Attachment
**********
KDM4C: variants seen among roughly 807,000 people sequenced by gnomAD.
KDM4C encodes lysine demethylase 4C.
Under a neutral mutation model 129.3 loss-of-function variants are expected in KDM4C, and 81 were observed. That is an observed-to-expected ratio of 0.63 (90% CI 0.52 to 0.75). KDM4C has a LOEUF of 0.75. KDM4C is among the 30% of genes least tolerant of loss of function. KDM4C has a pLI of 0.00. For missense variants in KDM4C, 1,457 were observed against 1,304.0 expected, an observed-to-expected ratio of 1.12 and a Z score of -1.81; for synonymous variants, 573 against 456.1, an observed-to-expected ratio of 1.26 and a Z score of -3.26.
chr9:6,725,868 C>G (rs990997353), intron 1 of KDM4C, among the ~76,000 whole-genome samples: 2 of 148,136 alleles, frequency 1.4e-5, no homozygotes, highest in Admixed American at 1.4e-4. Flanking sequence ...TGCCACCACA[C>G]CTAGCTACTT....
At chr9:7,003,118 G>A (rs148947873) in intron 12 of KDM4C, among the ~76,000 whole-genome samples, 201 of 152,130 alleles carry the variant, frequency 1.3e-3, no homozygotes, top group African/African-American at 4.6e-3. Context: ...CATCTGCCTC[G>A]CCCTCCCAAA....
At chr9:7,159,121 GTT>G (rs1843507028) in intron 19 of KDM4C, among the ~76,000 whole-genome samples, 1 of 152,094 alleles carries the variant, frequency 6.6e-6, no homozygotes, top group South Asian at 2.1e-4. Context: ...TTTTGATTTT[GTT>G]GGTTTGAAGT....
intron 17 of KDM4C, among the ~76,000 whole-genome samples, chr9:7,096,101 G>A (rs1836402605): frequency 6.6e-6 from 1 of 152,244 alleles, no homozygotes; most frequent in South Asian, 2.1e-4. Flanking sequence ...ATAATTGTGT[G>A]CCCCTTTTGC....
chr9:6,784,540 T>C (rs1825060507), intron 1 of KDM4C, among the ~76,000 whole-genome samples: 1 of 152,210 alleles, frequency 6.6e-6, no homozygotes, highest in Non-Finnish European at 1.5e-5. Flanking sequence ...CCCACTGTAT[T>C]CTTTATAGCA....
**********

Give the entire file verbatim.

KDM4C: variants seen among roughly 807,000 people sequenced by gnomAD.
KDM4C encodes lysine demethylase 4C.
Under a neutral mutation model 129.3 loss-of-function variants are expected in KDM4C, and 81 were observed. That is an observed-to-expected ratio of 0.63 (90% CI 0.52 to 0.75). KDM4C has a LOEUF of 0.75. KDM4C is among the 30% of genes least tolerant of loss of function. KDM4C has a pLI of 0.00. For missense variants in KDM4C, 1,457 were observed against 1,304.0 expected, an observed-to-expected ratio of 1.12 and a Z score of -1.81; for synonymous variants, 573 against 456.1, an observed-to-expected ratio of 1.26 and a Z score of -3.26.
chr9:6,725,868 C>G (rs990997353), intron 1 of KDM4C, among the ~76,000 whole-genome samples: 2 of 148,136 alleles, frequency 1.4e-5, no homozygotes, highest in Admixed American at 1.4e-4. Flanking sequence ...TGCCACCACA[C>G]CTAGCTACTT....
At chr9:7,003,118 G>A (rs148947873) in intron 12 of KDM4C, among the ~76,000 whole-genome samples, 201 of 152,130 alleles carry the variant, frequency 1.3e-3, no homozygotes, top group African/African-American at 4.6e-3. Context: ...CATCTGCCTC[G>A]CCCTCCCAAA....
At chr9:7,159,121 GTT>G (rs1843507028) in intron 19 of KDM4C, among the ~76,000 whole-genome samples, 1 of 152,094 alleles carries the variant, frequency 6.6e-6, no homozygotes, top group South Asian at 2.1e-4. Context: ...TTTTGATTTT[GTT>G]GGTTTGAAGT....
intron 17 of KDM4C, among the ~76,000 whole-genome samples, chr9:7,096,101 G>A (rs1836402605): frequency 6.6e-6 from 1 of 152,244 alleles, no homozygotes; most frequent in South Asian, 2.1e-4. Flanking sequence ...ATAATTGTGT[G>A]CCCCTTTTGC....
chr9:6,784,540 T>C (rs1825060507), intron 1 of KDM4C, among the ~76,000 whole-genome samples: 1 of 152,210 alleles, frequency 6.6e-6, no homozygotes, highest in Non-Finnish European at 1.5e-5. Flanking sequence ...CCCACTGTAT[T>C]CTTTATAGCA....